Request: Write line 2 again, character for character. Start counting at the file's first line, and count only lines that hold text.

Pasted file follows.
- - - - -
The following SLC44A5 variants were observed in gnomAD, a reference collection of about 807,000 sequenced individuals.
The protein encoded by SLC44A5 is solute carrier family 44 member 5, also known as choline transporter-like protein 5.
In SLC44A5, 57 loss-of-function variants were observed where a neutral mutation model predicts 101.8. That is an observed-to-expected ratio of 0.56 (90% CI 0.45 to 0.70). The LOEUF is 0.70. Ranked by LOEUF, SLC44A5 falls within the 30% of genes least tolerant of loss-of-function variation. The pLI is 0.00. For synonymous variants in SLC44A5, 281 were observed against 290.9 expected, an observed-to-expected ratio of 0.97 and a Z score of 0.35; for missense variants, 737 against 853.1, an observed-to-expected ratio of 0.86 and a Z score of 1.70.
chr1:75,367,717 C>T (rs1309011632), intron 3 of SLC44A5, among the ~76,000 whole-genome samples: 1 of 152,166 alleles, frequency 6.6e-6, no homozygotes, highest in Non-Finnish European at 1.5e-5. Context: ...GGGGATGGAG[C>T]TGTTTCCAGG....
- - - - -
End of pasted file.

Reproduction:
The protein encoded by SLC44A5 is solute carrier family 44 member 5, also known as choline transporter-like protein 5.